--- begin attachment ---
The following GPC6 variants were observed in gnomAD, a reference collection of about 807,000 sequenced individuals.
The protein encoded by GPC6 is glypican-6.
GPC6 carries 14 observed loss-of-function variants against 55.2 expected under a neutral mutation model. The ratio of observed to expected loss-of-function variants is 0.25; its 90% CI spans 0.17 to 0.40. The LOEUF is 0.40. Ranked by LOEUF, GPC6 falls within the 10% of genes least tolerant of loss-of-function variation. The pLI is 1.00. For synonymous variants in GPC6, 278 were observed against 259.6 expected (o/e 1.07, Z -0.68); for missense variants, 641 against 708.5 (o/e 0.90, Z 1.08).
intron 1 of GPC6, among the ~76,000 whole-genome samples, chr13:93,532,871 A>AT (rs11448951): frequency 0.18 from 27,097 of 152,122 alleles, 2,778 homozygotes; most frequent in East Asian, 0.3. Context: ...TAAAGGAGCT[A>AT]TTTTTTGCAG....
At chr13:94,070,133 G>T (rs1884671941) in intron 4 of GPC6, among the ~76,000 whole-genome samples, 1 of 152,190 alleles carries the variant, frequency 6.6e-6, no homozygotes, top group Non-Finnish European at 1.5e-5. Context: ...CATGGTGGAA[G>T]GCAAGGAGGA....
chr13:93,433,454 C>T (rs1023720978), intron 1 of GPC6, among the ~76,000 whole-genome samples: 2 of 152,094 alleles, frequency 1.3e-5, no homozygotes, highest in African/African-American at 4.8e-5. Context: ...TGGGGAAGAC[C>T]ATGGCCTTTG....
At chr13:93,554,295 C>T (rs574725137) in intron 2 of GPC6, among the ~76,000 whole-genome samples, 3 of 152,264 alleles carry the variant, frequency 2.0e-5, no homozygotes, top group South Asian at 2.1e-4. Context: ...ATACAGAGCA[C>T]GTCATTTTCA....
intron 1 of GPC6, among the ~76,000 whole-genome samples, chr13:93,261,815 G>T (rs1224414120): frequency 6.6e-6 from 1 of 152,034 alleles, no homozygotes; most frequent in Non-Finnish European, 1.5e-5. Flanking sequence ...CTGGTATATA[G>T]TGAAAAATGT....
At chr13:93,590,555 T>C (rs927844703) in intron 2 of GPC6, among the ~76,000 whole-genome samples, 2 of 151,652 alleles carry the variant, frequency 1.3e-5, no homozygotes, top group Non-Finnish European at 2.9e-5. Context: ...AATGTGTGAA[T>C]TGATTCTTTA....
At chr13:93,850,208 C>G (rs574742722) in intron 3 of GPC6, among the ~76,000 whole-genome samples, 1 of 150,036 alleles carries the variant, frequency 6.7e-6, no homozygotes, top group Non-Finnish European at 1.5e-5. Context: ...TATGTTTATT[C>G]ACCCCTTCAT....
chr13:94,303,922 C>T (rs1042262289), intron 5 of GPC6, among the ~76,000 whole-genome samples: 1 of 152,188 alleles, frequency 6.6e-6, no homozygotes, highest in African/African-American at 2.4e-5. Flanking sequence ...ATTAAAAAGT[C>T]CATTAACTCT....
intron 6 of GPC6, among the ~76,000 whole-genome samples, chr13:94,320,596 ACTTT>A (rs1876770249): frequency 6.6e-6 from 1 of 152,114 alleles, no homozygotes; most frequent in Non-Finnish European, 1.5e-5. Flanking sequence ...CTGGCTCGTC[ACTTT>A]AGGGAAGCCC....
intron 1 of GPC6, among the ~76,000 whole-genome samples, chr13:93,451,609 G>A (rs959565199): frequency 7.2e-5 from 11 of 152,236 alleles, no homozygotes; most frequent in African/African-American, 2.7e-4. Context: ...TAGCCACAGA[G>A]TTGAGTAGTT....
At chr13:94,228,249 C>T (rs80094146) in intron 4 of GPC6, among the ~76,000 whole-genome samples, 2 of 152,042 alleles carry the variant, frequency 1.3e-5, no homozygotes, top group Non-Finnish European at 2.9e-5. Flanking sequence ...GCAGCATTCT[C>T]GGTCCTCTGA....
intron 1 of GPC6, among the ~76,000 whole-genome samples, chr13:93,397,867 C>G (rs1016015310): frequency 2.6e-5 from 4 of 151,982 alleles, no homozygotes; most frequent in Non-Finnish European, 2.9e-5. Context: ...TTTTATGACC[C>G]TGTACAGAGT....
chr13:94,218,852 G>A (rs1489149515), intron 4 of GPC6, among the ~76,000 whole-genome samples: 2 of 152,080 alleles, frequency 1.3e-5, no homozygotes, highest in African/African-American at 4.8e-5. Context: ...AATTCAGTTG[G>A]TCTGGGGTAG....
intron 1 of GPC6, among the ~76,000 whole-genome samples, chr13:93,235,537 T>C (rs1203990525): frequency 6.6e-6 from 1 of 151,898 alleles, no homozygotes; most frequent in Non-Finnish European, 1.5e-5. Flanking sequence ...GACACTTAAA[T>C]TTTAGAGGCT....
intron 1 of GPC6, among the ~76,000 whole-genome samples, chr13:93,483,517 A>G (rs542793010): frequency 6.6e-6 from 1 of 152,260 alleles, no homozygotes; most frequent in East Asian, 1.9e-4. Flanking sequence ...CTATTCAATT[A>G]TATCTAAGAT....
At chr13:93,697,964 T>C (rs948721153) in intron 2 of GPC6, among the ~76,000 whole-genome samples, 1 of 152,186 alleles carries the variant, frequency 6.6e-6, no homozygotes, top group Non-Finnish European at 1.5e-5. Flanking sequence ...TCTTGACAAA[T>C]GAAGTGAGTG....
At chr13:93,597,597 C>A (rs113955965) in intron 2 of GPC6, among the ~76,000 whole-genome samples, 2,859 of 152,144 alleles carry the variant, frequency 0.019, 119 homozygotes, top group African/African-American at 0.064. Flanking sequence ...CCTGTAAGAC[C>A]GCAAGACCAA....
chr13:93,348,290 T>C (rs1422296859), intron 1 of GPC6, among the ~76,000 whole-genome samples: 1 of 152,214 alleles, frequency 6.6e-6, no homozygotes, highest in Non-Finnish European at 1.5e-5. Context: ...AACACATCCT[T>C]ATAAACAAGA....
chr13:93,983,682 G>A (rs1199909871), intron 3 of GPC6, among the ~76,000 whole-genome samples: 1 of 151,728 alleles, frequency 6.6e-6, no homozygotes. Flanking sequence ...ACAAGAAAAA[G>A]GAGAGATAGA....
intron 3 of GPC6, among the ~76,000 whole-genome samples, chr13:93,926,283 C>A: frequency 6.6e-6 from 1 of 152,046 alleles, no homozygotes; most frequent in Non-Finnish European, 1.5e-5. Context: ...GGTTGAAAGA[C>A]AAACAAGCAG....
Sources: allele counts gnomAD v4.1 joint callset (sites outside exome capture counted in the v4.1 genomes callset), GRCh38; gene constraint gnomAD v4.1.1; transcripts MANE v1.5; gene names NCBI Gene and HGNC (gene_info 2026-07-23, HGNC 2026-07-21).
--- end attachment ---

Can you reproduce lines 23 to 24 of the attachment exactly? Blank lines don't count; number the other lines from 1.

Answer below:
intron 3 of GPC6, among the ~76,000 whole-genome samples, chr13:93,926,283 C>A: frequency 6.6e-6 from 1 of 152,046 alleles, no homozygotes; most frequent in Non-Finnish European, 1.5e-5. Context: ...GGTTGAAAGA[C>A]AAACAAGCAG....
Sources: allele counts gnomAD v4.1 joint callset (sites outside exome capture counted in the v4.1 genomes callset), GRCh38; gene constraint gnomAD v4.1.1; transcripts MANE v1.5; gene names NCBI Gene and HGNC (gene_info 2026-07-23, HGNC 2026-07-21).